It’s mid-November and now that the Halloween candy is finally gone, it’s the official start of the holiday season! The months of November and December are a magical time when we begin shopping, planning celebrations with friends and families, reflecting on the year past, and looking forward to the new year. 

But as we near 2020, do you find yourself thinking more about Black Friday sales, or worrying about your recruitment strategy and where you are going to find the right people to fill your open positions?

According to the National Association of Manufacturers, nearly half a million manufacturing jobs are unfilled in the U.S. today, primarily due to a shortage of skilled workers in our existing workforce. Another concern on the mind of manufacturers: the fact that 27% of the workforce is age 55 or over. Not only do you have to think about filling open positions in 2020, but you also need to plan for a groundswell of workers retiring over the next 10 years or so. This is even more problematic when you realize most parents are not encouraging their millennial or Gen Z children to pursue careers in manufacturing.
 

With a growing labor shortage and changing workforce demographics, manufacturers need to rethink their approach for attracting and retaining talent.

Here are four alternative labor pools to help you start thinking outside of the box when it comes to potential sources of skilled talent:

 

  1.  Caregivers – A recent report from the Harvard Business School stated that 32 percent of all employees have voluntarily left a job during their career due to caregiving responsibilities. Not only are there costs associated with turnover, but employers also incur costs related to absenteeism, tardiness, and lost productivity as a result of caregivers being distracted at work when no benefits were provided. Realizing this, Promega, a leading manufacturer of enzymes and other products for biotech and molecular biology, introduced a caregiver leave benefit that provides employees with an additional two weeks of paid time off a year to care for a sick parent, spouse, or child. This has led to higher retention at their organization.
  2. The formerly incarcerated – According to the United States Department of Justice, more than 650,000 ex-offenders are released from prison every year and unfortunately, many of them will have hard time finding work. But when the labor market is as tight as it is now, manufacturers need to consider non-traditional sources of talent. When Stoughton Trailers, a manufacturer of truck trailers, was faced with open positions that they just couldn’t fill, they tried the regular tactics: raise pay, offer referral bonuses, expanded their in-house training program but with little success. It wasn’t until a recruiter for the company found a solution: a work-release program for minimum-security inmates that was voluntary and paid full market wages. During this program, inmates had a chance to build up savings and learn vocational skills. Not only did Stoughton Trailers fill their critical positions, they also helped the rehabilitated inmates assimilate to life after prison.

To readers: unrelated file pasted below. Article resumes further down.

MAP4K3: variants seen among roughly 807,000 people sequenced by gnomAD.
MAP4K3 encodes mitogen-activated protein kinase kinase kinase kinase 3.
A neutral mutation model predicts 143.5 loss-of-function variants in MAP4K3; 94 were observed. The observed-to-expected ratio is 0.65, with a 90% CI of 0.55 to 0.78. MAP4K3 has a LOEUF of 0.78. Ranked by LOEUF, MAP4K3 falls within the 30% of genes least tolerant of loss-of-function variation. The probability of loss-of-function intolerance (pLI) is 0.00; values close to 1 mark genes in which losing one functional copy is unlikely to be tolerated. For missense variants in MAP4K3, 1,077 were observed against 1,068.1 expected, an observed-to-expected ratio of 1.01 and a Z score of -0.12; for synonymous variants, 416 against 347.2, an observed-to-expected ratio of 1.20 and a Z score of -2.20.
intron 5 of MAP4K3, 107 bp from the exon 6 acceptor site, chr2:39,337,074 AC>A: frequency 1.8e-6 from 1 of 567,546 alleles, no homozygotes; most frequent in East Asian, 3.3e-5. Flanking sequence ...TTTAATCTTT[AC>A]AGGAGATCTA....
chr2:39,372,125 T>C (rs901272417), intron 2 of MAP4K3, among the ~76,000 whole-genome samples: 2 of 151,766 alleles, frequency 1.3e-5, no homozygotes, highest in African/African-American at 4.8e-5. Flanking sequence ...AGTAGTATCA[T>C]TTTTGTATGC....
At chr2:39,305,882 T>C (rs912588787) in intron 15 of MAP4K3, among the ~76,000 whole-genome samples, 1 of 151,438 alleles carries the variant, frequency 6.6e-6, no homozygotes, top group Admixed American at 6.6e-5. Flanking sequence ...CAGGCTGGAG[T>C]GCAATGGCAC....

3.  Disabled individuals – There are 2.5 million autistic adults living in the U.S. and of that number, 80-90%  are unemployed. Companies have found that autistic and neuro-diverse individuals have really high productivity rates and special skills like memorizing and learning information quickly and tend to excel in areas such as science, engineering, and mathematics as they are technical and logical subjects that do not heavily rely on social interaction. Realizing the potential of this mostly untapped workforce, Chevron Corporation hired a consultant to start a program for hiring autistic and neuro-diverse individuals for their IT team in Houston. 
  4.  Veterans – The latest Employment Situation of Veterans Summary released by the United States Department of Labor, highlighted that there are over 326,000 unemployed veterans in the US.  Koch industries, faced with a growing talent gap, decided it was time to consider sources outside of their traditional labor pool, and turned to veterans. The U.S. military is brimming with hardworking, knowledgeable, and adaptable individuals capable of answering the call for skilled workers. In fact, 83% of military fields naturally aligned to positions across Koch. Once they realized this, it became their mission to match veteran skills to their open positions. 

 

Ready to Fill Your Open Positions with a Mix of Alternative Labor?

 

Now that you are thinking about which other potential sources of talent might work for your  organization, here are few things you can do to get ready:

  • Gain visibility and leverage reporting to help identify potential gaps in skills allowing you to proactively plan
  • Utilize HR analytics to address root causes of turnover allowing for more strategic recruiting practices
  •  Post job requisitions with a human resources solution that lets you build a custom career site that offers integration with a network of 8,000+ job boards
  • Leverage human capital management technology partners that help you optimize the federal Work Opportunity Tax Credit for employers who hire and retain ex-felons, veterans, and individuals from other target groups with significant barriers to employment
 

Check out this Simple Guide to Recruiting eBook to learn more about how recruiting technology can help you start 2020 strong by hiring the best-fit candidates for your organization.

 

Published: Friday, November 15, 2019